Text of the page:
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Novella: The Spring, by Charlotte Squire – Ch 1

Submitted by on March 30, 2016 – 2:00 pm One Comment
The Spring
Here’s a wee project I’m working on, it’s a ‘novella’. I’ll post up a chapter a day for a few days and see if people want to read more.  Charlotte x
 
Short story: Our Spring
By Charlotte Squire
 
Trouble’s brewing for a small rural community who live near the most pure waters on earth Te Waikoropupu Springs, in Golden Bay, New Zealand. A foreign company plans to buy the sacred waters and cut off all access to the sacred waters, not to mention their plans for the water. Cue an unlikely group of people, with one thing in common, inherited psychic powers. They’re drawn together to create a powerful, positive force to fight for the springs.
 
Chapter One
She saw the bowl before she made it, and it was a beautiful piece. It would be fat and perfectly round, with just a hint of rim, perfect for those who loved a good helping of porridge on a cold winter’s morning. She could picture her favorite cobalt blue glaze, with a smattering of stone white. There, in the little studio that she’d once converted from a dusty garage, her strawberry blonde plait and runaway curls caught the late morning sun as she selected a new lump of clay and switched on her wheel.
Bella leaned into the clay with an ease that came from ten years of apprenticing to some of the region’s most sought after master potters. The clay began to change beneath her hands and the conversation began. It wasn’t that she forced the clay into shape, more that she knew where it was most likely to yield, and she coaxed it, as an insistent mother would a hungry child. Finishing with her hands, she sat back and held her gaze upon the near perfect bowl. The sunlit dust of the studio seemed to pause and spark for a moment. The wheel continued to turn, while she sat, watching the bowl slowly find its final shape.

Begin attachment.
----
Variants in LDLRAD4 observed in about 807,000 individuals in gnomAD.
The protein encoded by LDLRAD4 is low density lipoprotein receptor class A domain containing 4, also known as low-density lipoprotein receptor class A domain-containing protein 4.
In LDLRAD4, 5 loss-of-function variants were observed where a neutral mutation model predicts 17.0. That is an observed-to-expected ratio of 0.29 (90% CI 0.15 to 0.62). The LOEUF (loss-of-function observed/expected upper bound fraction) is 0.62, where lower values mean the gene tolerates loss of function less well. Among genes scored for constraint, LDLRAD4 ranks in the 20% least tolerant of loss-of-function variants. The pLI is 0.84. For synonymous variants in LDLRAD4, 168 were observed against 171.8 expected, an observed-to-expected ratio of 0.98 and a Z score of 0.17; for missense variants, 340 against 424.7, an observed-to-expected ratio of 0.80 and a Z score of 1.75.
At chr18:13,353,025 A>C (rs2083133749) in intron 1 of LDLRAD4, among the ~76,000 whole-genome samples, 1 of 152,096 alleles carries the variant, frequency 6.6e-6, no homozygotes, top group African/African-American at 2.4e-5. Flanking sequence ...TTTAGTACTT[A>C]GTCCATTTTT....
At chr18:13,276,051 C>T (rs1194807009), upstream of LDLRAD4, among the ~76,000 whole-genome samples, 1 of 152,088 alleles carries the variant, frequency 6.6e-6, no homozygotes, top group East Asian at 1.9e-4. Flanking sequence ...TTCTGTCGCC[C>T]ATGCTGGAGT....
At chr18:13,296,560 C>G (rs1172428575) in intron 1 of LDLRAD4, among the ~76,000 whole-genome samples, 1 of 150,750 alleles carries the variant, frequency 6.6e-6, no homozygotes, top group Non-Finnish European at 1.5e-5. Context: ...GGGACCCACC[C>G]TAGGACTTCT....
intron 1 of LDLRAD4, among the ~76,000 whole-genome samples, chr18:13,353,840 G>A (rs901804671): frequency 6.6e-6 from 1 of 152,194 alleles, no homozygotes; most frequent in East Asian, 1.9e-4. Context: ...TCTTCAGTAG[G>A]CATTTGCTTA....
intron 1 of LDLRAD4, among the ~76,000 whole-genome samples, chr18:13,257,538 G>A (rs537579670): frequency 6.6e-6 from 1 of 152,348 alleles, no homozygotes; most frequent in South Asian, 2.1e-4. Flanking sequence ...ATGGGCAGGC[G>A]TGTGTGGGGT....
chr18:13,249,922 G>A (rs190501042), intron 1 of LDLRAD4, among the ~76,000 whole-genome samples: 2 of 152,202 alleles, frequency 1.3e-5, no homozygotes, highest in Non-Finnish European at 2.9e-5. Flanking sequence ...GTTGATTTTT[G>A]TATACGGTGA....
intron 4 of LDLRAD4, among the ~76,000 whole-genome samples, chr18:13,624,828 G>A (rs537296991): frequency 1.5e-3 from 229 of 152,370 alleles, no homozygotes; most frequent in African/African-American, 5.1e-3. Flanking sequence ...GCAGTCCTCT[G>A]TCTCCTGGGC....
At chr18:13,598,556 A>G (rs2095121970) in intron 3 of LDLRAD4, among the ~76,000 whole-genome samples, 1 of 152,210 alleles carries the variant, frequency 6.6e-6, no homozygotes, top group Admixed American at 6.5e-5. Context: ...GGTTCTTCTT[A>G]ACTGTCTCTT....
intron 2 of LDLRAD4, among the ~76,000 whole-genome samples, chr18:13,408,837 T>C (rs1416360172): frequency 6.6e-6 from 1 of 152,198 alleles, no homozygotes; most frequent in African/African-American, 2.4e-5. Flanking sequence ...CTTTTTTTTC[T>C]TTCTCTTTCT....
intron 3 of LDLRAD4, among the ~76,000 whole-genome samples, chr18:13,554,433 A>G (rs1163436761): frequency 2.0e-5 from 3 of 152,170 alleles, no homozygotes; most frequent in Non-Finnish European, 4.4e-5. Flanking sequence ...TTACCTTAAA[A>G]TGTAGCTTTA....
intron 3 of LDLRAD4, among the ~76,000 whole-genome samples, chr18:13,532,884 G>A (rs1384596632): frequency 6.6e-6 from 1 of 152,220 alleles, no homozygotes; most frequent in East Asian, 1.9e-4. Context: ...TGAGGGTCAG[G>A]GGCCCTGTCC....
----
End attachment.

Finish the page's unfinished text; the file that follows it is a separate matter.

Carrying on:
“There, you’re done,” she said, sitting back with a satisfied smile.
She’d always been able to do it, sense the weak point in any solid form, and nudge it, gently, but firmly, into the shape she imagined. While clay was her medium, it wasn’t the only one she worked with. From a young age she’d been able to change things – branches would shift into new shapes, furniture could be moved just enough for her little hand to retrieve a hair tie, and later cars could be rolled apart to create the perfect parking space during her nervous early years as a driver.
It had been a useful talent, and thank goodness her Grandmother had seen it in her and guided her with it from the age of four. But it wasn’t exactly one she brought up at dinner parties. In fact, since her Grandmother had passed, no one knew, and that was the way she liked to keep it.
She ran a wire beneath her tenth domestic piece that morning and wondered what she’d make next. She had rent to pay, chickens to feed, Dangerous Kitchen pizza to eat. She turned up the music and looked to the next lump of clay. It would be a curvy wine goblet. She could just see it …
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